In the south, as part of its ‘String of Pearls’ strategy of links with regional maritime nations, China financed nearly all of Sri Lanka’s big infrastructure projects—a new seaport at Hambantota, an oil storage facility, a new airport, a thermal power plant, an expressway, and a special economic zone at Mirigama near Colombo, besides rebuilding the main roads in the war-ravaged north and east.
On India’s western flank, China has planned strategic linkages to Pakistan, Iran and all across the Central Asia, incorporating the Gilgit-Baltistan tract in the PoK into its Xinjiang’s logistics grid for an unfettered road and rail access to the Gulf,
expanding the Karakoram highway and planning a 900-km railway line from Gwadar port in Balochistan on Pakistan’s south-west coast close to the Straits of Hormuz to join the line along Koh-e-Taftan (on the Iranian border) to Spezand-Quetta-Chaman (on Afghanistan border) onwards through the Khunjerab Pass in the Karakoram to Kashgar in China, which is connected to Xigaze, already rail-linked to Lhasa.
China’s frenetic development of infrastructure in Central Asian Republics (CARs) signifies its long-term strategic and economic stakes in the region,
aptly described by Chinese General Liu Yazhou as “the thickest piece of cake given to the modern Chinese by the heavens.” Extensive railway infrastructure has revolutionised Eurasian transit regime, especially across Kazakhstan, and the 268-km link from Kashi in western China through southern Kyrgyzstan to Andizhan in Uzbekistan, not to talk of the eight new lines in Iran, including the 370-km Qazvin-Rasht-Astara line forming a north-south corridor to Azerbaijan and Russia. Today, China operates regular containerised freight trains to several European destinations via CARs, Iran and Turkey. Chinese footprints extend to most of the ASEAN railway systems. Indonesia has the $5.5-billion 150-km ‘high-speed’ railway link being built between Jakarta and Bandung. The 257-km railway line from Bat Doeng near Phnom Penh to the border near Loc Ninh is proposed to meet the 128-km line to Ho Chi Minh City. China is already linked by the railways to Vietnam by the 195-km dual-gauge (1,435-mm/1,000-mm) line between Hanoi and Dong Dang. The $27-billion East Coast Rail Line project in Malaysia promoted during the Najib Razak regime, annulled by his successor Mahathir Mohamad, is being renegotiated. Most of China-assisted railway projects in the region, like the Belt and Road Initiative (BRI) in general, have been widely described as China’s ‘debt-trap diplomacy’, binding developing countries to China through accumulated infrastructure-related debt. In no way can the high cost China-aided railway lines being built in Laos, Cambodia or Thailand be financially viable. Beijing pressured a debt-trapped Tajikistan to hand over 1,158 sq-km territory as it owed China $1.2-billion out of a total $2.9-billion debt. The ultimate takeover by China of Hambantota port complex in Sri Lanka is well known.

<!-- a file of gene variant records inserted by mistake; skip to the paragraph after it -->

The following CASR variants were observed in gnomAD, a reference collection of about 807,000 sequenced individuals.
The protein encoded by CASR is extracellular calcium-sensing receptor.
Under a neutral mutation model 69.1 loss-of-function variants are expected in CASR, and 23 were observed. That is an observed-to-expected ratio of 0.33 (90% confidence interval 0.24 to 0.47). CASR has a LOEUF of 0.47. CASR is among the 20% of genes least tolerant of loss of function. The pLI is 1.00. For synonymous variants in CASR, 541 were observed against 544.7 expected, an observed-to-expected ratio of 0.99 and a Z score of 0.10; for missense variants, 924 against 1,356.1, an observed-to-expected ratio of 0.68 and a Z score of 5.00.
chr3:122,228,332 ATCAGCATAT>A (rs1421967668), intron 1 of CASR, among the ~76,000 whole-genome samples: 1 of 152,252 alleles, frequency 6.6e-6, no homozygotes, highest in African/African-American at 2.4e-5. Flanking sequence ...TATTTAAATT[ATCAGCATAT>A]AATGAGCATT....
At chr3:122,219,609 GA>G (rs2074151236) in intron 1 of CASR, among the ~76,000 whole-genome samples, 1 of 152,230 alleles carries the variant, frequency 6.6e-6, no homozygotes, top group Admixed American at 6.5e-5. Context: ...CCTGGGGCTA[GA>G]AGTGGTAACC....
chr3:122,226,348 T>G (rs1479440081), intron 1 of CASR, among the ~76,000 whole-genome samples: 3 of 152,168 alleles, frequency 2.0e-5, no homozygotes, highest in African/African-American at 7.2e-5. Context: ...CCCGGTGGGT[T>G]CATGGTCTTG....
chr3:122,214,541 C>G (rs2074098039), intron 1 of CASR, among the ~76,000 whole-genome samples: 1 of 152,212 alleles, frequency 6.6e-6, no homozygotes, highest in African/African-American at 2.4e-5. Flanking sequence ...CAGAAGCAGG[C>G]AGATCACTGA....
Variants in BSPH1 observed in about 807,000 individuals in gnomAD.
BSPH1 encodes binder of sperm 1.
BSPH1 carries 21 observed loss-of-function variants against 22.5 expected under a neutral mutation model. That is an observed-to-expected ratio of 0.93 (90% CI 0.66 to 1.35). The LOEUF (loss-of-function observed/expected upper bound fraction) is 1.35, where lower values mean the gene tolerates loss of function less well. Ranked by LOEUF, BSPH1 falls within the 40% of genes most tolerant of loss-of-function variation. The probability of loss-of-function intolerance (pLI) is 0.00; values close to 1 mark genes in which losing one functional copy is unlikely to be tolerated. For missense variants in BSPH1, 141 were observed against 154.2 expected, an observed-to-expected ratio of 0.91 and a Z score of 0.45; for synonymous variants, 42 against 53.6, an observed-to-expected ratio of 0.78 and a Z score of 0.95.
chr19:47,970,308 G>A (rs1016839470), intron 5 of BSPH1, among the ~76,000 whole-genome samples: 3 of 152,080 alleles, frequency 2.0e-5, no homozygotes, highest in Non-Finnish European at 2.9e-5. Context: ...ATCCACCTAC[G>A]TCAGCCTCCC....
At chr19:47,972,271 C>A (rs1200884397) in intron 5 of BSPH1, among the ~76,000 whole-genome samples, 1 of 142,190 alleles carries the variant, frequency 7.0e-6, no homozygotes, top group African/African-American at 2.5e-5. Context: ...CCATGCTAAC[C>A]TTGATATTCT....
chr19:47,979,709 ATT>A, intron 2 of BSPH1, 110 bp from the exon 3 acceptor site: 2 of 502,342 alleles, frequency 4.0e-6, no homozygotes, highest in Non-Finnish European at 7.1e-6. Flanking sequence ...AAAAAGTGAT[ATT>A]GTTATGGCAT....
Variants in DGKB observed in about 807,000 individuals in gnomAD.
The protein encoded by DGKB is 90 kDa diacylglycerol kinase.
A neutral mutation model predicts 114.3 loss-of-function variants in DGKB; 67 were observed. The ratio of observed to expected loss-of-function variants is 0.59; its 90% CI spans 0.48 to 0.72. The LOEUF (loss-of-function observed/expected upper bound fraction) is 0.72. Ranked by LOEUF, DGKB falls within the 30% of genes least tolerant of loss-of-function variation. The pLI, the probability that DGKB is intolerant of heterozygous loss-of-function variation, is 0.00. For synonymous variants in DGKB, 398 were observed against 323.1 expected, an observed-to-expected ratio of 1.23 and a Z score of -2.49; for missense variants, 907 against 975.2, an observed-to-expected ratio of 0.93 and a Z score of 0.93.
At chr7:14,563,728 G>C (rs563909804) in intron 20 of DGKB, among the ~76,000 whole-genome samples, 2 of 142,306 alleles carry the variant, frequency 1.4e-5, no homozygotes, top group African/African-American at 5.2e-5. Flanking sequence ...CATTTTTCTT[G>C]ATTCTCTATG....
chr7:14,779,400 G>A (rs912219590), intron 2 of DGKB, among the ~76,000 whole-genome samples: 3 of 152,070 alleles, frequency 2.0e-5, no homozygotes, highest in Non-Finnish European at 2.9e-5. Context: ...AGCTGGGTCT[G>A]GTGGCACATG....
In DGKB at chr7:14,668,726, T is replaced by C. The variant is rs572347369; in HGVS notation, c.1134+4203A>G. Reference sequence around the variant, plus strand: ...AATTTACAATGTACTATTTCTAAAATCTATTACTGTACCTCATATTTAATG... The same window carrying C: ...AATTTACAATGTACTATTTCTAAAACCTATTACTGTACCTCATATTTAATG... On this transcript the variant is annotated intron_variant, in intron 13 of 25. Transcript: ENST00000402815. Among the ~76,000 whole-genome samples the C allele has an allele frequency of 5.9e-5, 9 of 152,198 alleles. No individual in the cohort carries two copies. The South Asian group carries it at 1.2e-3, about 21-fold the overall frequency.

Like its trains clocking the world’s highest speeds, China has sprinted ahead in a bid to plant its footprints on developing countries and influence peoples.
Pursuing President Xi Jinping’s ‘grand political-economic project’, the BRI, China has been dangling sweet terms with a fistful of dollars enticing countries where it desired to bulk up its presence and stimulate demand for its goods, capital and labour. Be it the $60-billion China-Pakistan Economic Corridor or myriad infrastructure projects in India’s neighbourhood, these provide China icing on the cake, serving as they do the PRC’s vaulting strategy to contain and intimidate India.
(The original article under reference can be seen, uninterrupted, here.)